Are there specific regulatory challenges the industry is facing?

We’re incredibly blessed with the current regulatory environment. We have a lot of good, bipartisan support for things like the biodiesel blending tax credit and the Renewable Fuels Standard in the United States. In Europe, they [are] also very supportive of renewable energy in general and biodiesel specifically, especially when it’s produced from used cooking oil and other waste feedstocks because that’s where you get this really low carbon intensity. We have a wonderful support mechanism and it is needed because we don’t, at this time, compete economically with petroleum. Petroleum is just huge, complex, extremely efficient with huge economies of scale and years and years of the ability to perfect it as they’ve done. We’re only 20 years old, so we have a long way to go to innovate as much as they’ve been able to. The more society begins to value low carbon, the more we will be able to compete. I think the world is starting to move in that direction. If that desire to pay for low carbon got translated to a slightly higher fuel cost for lower-carbon fuel without having to retool, it would be equivalent economics with a higher fuel price and then we wouldn’t need support from the regulation as much. I think the world is starting to move in that direction … because it shouldn’t be a subsidy forever and we shouldn’t be asking for that. But the launch has been fabulous and we continue to need that support as we scale and get the word out that low carbon is a great thing.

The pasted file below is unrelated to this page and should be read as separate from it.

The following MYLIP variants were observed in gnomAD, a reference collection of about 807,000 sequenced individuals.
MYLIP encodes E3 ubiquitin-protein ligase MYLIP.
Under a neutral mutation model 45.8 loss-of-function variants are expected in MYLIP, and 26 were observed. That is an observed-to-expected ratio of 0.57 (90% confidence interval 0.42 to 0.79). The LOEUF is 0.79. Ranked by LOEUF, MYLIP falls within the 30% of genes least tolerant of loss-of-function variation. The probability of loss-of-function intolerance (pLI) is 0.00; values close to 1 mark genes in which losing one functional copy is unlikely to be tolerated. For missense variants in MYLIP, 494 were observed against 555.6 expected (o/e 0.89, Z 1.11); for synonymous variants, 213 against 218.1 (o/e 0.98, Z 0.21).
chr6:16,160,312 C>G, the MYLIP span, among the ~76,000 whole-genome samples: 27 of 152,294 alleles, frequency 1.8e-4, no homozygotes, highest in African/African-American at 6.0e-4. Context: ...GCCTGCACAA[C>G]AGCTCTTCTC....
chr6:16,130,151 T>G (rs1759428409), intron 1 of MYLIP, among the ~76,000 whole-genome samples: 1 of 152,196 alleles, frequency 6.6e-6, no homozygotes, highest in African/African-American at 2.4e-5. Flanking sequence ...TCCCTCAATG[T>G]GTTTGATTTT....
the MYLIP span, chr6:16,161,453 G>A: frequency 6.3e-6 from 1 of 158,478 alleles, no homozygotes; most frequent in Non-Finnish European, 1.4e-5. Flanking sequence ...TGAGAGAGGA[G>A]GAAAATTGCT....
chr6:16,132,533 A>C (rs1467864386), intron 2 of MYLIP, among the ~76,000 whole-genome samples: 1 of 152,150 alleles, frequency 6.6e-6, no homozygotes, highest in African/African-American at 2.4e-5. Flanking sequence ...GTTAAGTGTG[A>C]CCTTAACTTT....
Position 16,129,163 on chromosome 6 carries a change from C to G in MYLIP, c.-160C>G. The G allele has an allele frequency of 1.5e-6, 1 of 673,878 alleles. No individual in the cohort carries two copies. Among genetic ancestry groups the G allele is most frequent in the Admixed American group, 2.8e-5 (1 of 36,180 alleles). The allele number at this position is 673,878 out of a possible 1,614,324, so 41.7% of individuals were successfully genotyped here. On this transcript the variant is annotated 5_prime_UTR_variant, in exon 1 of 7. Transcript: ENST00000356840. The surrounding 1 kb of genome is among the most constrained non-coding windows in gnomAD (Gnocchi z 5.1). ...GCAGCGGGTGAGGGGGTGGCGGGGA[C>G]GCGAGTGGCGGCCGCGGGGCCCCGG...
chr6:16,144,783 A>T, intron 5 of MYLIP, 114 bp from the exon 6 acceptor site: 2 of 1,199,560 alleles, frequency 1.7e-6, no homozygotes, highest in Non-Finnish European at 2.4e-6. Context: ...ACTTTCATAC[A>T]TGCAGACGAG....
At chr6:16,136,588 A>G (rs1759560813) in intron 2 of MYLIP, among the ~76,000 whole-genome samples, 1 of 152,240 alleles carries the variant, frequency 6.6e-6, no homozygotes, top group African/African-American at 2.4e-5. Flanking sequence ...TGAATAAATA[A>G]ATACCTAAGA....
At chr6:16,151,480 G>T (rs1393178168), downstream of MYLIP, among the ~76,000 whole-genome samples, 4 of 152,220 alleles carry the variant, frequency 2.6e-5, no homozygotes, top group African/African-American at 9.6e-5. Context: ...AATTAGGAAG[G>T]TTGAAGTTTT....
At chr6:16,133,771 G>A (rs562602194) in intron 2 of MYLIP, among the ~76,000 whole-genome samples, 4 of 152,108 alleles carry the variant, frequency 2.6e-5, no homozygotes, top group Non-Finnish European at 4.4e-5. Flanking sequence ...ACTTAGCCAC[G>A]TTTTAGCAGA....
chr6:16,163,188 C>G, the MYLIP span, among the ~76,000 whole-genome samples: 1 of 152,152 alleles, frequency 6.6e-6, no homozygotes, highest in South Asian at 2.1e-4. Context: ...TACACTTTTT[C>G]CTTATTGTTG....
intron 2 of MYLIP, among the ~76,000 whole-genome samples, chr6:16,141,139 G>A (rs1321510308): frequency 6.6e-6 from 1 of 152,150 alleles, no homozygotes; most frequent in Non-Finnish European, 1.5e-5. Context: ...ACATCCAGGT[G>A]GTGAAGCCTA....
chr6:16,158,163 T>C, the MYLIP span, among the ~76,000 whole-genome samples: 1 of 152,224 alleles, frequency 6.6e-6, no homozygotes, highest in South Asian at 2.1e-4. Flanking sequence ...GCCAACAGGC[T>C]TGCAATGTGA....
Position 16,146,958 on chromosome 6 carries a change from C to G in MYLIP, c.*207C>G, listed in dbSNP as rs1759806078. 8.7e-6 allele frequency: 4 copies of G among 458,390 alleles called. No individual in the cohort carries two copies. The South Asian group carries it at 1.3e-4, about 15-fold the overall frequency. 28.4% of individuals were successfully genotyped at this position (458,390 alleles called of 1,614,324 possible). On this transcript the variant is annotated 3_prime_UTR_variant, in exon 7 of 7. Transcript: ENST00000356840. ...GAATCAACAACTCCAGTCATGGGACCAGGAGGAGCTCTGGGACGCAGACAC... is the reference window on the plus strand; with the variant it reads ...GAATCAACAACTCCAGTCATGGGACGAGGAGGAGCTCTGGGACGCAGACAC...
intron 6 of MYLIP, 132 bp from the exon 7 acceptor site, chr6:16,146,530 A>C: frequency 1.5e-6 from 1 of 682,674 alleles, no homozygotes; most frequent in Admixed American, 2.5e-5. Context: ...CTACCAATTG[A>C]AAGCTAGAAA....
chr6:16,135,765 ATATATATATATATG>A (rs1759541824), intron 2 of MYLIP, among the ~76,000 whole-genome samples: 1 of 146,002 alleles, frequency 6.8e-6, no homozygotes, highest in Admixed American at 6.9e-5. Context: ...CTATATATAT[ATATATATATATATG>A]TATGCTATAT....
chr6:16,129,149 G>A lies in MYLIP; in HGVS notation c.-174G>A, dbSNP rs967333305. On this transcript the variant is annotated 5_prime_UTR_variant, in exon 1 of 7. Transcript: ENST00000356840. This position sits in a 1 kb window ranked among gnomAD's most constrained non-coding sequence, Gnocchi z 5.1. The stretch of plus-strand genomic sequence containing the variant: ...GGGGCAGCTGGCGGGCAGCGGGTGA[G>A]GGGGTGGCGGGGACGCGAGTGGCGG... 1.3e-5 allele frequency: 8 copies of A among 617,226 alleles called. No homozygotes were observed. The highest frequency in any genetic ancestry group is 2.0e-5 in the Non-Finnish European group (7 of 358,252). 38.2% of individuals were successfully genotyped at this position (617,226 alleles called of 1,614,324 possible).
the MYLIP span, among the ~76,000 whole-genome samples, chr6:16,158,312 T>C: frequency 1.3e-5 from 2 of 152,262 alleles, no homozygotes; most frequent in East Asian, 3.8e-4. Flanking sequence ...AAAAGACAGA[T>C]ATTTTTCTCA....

Describe your management style.

My intention is always to foster an environment of innovation, collaboration and teamwork where people feel empowered to get to do what they want to do. What I like to do is set a vision so we can all work together on what we’re doing with purpose and then help people get what they need in order to get their jobs done. I love this environment. The culture was already really strong when I got here, so I feel like we were kind of meant for each other in some ways.